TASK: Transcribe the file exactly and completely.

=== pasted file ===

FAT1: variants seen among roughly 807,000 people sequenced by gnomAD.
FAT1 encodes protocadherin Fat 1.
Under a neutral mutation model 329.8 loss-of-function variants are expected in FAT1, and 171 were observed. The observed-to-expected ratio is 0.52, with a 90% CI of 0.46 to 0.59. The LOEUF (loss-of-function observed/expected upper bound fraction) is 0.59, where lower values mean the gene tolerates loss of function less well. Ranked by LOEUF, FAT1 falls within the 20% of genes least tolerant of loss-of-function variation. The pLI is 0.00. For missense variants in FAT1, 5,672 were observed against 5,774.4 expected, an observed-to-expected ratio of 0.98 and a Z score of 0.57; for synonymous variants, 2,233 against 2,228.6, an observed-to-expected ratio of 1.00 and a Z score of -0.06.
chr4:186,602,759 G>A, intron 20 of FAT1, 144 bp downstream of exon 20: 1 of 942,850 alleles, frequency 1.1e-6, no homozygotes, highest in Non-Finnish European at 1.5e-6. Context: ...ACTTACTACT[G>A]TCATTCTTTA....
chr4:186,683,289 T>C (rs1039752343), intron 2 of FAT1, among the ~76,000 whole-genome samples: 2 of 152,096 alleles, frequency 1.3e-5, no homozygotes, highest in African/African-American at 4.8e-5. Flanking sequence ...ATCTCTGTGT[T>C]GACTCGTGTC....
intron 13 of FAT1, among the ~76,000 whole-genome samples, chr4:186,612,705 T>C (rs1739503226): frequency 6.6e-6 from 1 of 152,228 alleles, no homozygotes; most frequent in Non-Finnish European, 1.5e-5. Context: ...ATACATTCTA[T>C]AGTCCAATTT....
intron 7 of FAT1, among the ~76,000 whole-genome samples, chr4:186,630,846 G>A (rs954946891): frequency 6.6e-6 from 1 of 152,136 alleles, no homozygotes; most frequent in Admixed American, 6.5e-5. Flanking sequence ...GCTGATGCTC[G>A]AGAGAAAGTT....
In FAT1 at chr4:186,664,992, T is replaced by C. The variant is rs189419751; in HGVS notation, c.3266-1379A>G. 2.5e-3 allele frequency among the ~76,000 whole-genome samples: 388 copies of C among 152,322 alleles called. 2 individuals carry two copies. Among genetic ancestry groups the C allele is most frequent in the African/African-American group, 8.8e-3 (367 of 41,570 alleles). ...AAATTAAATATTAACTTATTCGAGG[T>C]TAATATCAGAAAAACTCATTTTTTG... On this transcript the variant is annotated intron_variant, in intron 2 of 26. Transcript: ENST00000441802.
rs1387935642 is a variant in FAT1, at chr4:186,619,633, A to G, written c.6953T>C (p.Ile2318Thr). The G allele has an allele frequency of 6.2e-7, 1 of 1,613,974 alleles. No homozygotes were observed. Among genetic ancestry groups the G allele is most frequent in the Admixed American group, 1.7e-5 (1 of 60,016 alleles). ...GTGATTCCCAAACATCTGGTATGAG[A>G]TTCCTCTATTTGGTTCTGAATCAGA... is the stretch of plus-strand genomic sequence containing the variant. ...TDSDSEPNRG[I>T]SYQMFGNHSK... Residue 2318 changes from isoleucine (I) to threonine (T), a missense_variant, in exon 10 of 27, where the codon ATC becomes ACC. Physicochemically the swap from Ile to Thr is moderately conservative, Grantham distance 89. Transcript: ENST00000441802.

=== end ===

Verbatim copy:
FAT1: variants seen among roughly 807,000 people sequenced by gnomAD.
FAT1 encodes protocadherin Fat 1.
Under a neutral mutation model 329.8 loss-of-function variants are expected in FAT1, and 171 were observed. The observed-to-expected ratio is 0.52, with a 90% CI of 0.46 to 0.59. The LOEUF (loss-of-function observed/expected upper bound fraction) is 0.59, where lower values mean the gene tolerates loss of function less well. Ranked by LOEUF, FAT1 falls within the 20% of genes least tolerant of loss-of-function variation. The pLI is 0.00. For missense variants in FAT1, 5,672 were observed against 5,774.4 expected, an observed-to-expected ratio of 0.98 and a Z score of 0.57; for synonymous variants, 2,233 against 2,228.6, an observed-to-expected ratio of 1.00 and a Z score of -0.06.
chr4:186,602,759 G>A, intron 20 of FAT1, 144 bp downstream of exon 20: 1 of 942,850 alleles, frequency 1.1e-6, no homozygotes, highest in Non-Finnish European at 1.5e-6. Context: ...ACTTACTACT[G>A]TCATTCTTTA....
chr4:186,683,289 T>C (rs1039752343), intron 2 of FAT1, among the ~76,000 whole-genome samples: 2 of 152,096 alleles, frequency 1.3e-5, no homozygotes, highest in African/African-American at 4.8e-5. Flanking sequence ...ATCTCTGTGT[T>C]GACTCGTGTC....
intron 13 of FAT1, among the ~76,000 whole-genome samples, chr4:186,612,705 T>C (rs1739503226): frequency 6.6e-6 from 1 of 152,228 alleles, no homozygotes; most frequent in Non-Finnish European, 1.5e-5. Context: ...ATACATTCTA[T>C]AGTCCAATTT....
intron 7 of FAT1, among the ~76,000 whole-genome samples, chr4:186,630,846 G>A (rs954946891): frequency 6.6e-6 from 1 of 152,136 alleles, no homozygotes; most frequent in Admixed American, 6.5e-5. Flanking sequence ...GCTGATGCTC[G>A]AGAGAAAGTT....
In FAT1 at chr4:186,664,992, T is replaced by C. The variant is rs189419751; in HGVS notation, c.3266-1379A>G. 2.5e-3 allele frequency among the ~76,000 whole-genome samples: 388 copies of C among 152,322 alleles called. 2 individuals carry two copies. Among genetic ancestry groups the C allele is most frequent in the African/African-American group, 8.8e-3 (367 of 41,570 alleles). ...AAATTAAATATTAACTTATTCGAGG[T>C]TAATATCAGAAAAACTCATTTTTTG... On this transcript the variant is annotated intron_variant, in intron 2 of 26. Transcript: ENST00000441802.
rs1387935642 is a variant in FAT1, at chr4:186,619,633, A to G, written c.6953T>C (p.Ile2318Thr). The G allele has an allele frequency of 6.2e-7, 1 of 1,613,974 alleles. No homozygotes were observed. Among genetic ancestry groups the G allele is most frequent in the Admixed American group, 1.7e-5 (1 of 60,016 alleles). ...GTGATTCCCAAACATCTGGTATGAG[A>G]TTCCTCTATTTGGTTCTGAATCAGA... is the stretch of plus-strand genomic sequence containing the variant. ...TDSDSEPNRG[I>T]SYQMFGNHSK... Residue 2318 changes from isoleucine (I) to threonine (T), a missense_variant, in exon 10 of 27, where the codon ATC becomes ACC. Physicochemically the swap from Ile to Thr is moderately conservative, Grantham distance 89. Transcript: ENST00000441802.